Secretary of the Macedonian Patriotic Organization, "Luben Dimitroff Date.June 10.1995 edited by G.G.M
Much of what we know geographically as Bulgaria, Macedonia, Thrace and Dobrudja was originally populated by a common people known as the Bulgars. They spoke a common language, Bulgarian and had a common Orthodox religion, despite being conquered by the Ottoman Empire. This occupation continued until early 1878 when a Bulgarian uprising trapped a large portion of the Turkish army between an advancing Russian army and a small force of Bulgarian patriots. This victory unified the Bulgars as never before and crystallized a new national consciousness. The treaty of San Stefano, signed between Russia and the Ottoman Empire, in March 1878, brought an end to the war and formally acknowledged the existence of the Bulgarian nation. This newly created Bulgarian state included most of the territories inhabited by Bulgarians, in particular the region of present day Bulgaria, Vardar Macedonia (in F.Y.R.), Aegean Macedonia (in present day Greece) and Thrace (in both Greece and Turkey). The imperial powers of the time objected to such a big state which was friendly to Russia and could become a Russian spring board into the European and Mediterranean theaters. Almost immediately the Austro-Hungarian Empire, the Prussian empire (Germany), the British and the French convened in Berlin to prevent Russian influence from spreading. This conference was known as the congress of Berlin of 1878. The great powers decided to impose a unilateral solution which partitioned Bulgaria proper into two regions :
Eastern Rumelia and the principality of Bulgaria. Eastern Rumelia, Macedonia and Thrace were to be governed, as before, by the Ottoman Empire whereas the principality of Bulgaria was to be given a limited autonomy. The Russians were powerless to prevent the partitioning of the newly liberated state.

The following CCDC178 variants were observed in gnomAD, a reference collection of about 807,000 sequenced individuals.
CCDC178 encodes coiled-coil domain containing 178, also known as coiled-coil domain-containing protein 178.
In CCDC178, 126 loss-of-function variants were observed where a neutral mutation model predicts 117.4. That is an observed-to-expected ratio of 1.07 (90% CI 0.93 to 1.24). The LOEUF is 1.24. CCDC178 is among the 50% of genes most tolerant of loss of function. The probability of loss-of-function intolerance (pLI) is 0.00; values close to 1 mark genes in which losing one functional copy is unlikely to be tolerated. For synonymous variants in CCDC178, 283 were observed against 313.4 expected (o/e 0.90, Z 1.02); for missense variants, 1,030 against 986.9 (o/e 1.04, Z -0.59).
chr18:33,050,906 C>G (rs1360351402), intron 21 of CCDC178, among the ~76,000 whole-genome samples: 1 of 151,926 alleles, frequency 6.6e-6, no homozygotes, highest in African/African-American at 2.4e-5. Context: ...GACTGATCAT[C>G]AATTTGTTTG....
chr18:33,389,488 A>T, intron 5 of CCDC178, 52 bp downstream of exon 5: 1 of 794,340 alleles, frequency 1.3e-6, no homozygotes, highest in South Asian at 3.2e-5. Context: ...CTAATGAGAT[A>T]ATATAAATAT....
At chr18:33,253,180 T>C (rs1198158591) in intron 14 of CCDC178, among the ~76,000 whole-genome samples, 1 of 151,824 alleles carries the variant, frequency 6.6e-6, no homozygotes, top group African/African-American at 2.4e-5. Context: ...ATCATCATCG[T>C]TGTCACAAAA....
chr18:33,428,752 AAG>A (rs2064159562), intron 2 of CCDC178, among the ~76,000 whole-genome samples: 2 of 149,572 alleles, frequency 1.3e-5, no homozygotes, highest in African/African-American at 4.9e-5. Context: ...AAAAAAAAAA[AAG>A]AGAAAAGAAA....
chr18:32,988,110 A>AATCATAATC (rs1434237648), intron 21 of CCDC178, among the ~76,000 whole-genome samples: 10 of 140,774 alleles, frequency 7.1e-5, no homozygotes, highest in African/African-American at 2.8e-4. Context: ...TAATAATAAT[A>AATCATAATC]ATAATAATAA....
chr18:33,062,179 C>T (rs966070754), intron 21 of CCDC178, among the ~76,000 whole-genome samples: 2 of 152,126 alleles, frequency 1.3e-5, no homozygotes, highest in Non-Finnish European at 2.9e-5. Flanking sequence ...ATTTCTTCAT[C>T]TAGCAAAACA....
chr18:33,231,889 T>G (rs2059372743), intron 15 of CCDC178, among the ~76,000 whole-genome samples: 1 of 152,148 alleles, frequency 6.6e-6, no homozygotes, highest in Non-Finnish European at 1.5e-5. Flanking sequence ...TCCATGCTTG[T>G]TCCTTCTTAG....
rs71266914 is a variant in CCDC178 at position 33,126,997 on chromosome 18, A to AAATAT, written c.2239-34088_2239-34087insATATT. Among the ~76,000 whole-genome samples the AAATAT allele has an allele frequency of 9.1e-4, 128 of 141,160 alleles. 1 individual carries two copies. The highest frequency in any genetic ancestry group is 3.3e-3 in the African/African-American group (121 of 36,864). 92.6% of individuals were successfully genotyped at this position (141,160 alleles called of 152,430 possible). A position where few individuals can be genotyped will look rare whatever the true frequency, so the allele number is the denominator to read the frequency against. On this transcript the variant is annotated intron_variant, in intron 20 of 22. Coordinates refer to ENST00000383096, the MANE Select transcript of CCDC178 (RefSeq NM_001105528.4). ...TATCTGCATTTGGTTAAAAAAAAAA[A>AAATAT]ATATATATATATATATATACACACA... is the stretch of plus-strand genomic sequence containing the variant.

However the Bulgarian people were determined to re-unify their partitioned state. The Bulgarian people fought a number of wars in order to unite its people. The first war in 1885 ( the war of unification ) liberated eastern Rumelia from the Ottoman Empire. In 1903 the Bulgarians in Macedonia and Thrace had an unsuccessfully tried to leave the Ottoman Empire. The remaining regions were finally liberated in 1912 by a coalition made up of Bulgaria, Serbia and Greece. However in 1913, after the Ottoman Empire had been defeated, the coalition collapsed and began arguing about which liberated region was to be governed by which country. The main point of contention was the governance of Macedonia and Thrace, both primarily inhabited by Bulgarians. Neither the Greeks nor the Serbs wished to be bound by the original agreement made at the beginning of the war, which stipulated that those regions being populated mostly by Bulgarians were to be governed by Bulgaria. This led almost immediately to yet another war, called the Balkan war, which pitted the Serbs, Creeks and Romanians against a badly outnumbered Bulgaria. Bulgaria was quickly defeated and yet again partitioned, losing Macedonia to the Serbs and the